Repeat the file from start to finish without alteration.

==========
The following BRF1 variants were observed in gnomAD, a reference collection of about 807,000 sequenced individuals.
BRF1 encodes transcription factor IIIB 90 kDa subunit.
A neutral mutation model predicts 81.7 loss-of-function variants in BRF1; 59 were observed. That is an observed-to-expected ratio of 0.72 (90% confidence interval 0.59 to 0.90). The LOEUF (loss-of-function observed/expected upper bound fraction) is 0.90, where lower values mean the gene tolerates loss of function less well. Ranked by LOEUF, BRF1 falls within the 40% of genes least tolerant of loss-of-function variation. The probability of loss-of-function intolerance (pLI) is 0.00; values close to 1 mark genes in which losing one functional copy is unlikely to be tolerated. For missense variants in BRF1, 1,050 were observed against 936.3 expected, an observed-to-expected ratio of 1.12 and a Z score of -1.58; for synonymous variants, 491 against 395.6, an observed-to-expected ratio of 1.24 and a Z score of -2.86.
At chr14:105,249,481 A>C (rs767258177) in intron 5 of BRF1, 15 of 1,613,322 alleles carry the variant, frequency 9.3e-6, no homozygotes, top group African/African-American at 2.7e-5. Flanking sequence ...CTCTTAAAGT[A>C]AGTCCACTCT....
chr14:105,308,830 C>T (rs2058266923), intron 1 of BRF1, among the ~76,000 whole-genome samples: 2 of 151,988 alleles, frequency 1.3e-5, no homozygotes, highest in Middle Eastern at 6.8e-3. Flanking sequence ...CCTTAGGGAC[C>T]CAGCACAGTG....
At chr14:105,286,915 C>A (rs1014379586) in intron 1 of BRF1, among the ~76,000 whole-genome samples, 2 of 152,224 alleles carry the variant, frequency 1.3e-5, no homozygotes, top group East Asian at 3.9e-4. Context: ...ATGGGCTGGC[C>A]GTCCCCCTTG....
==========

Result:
The following BRF1 variants were observed in gnomAD, a reference collection of about 807,000 sequenced individuals.
BRF1 encodes transcription factor IIIB 90 kDa subunit.
A neutral mutation model predicts 81.7 loss-of-function variants in BRF1; 59 were observed. That is an observed-to-expected ratio of 0.72 (90% confidence interval 0.59 to 0.90). The LOEUF (loss-of-function observed/expected upper bound fraction) is 0.90, where lower values mean the gene tolerates loss of function less well. Ranked by LOEUF, BRF1 falls within the 40% of genes least tolerant of loss-of-function variation. The probability of loss-of-function intolerance (pLI) is 0.00; values close to 1 mark genes in which losing one functional copy is unlikely to be tolerated. For missense variants in BRF1, 1,050 were observed against 936.3 expected, an observed-to-expected ratio of 1.12 and a Z score of -1.58; for synonymous variants, 491 against 395.6, an observed-to-expected ratio of 1.24 and a Z score of -2.86.
At chr14:105,249,481 A>C (rs767258177) in intron 5 of BRF1, 15 of 1,613,322 alleles carry the variant, frequency 9.3e-6, no homozygotes, top group African/African-American at 2.7e-5. Flanking sequence ...CTCTTAAAGT[A>C]AGTCCACTCT....
chr14:105,308,830 C>T (rs2058266923), intron 1 of BRF1, among the ~76,000 whole-genome samples: 2 of 151,988 alleles, frequency 1.3e-5, no homozygotes, highest in Middle Eastern at 6.8e-3. Flanking sequence ...CCTTAGGGAC[C>T]CAGCACAGTG....
At chr14:105,286,915 C>A (rs1014379586) in intron 1 of BRF1, among the ~76,000 whole-genome samples, 2 of 152,224 alleles carry the variant, frequency 1.3e-5, no homozygotes, top group East Asian at 3.9e-4. Context: ...ATGGGCTGGC[C>A]GTCCCCCTTG....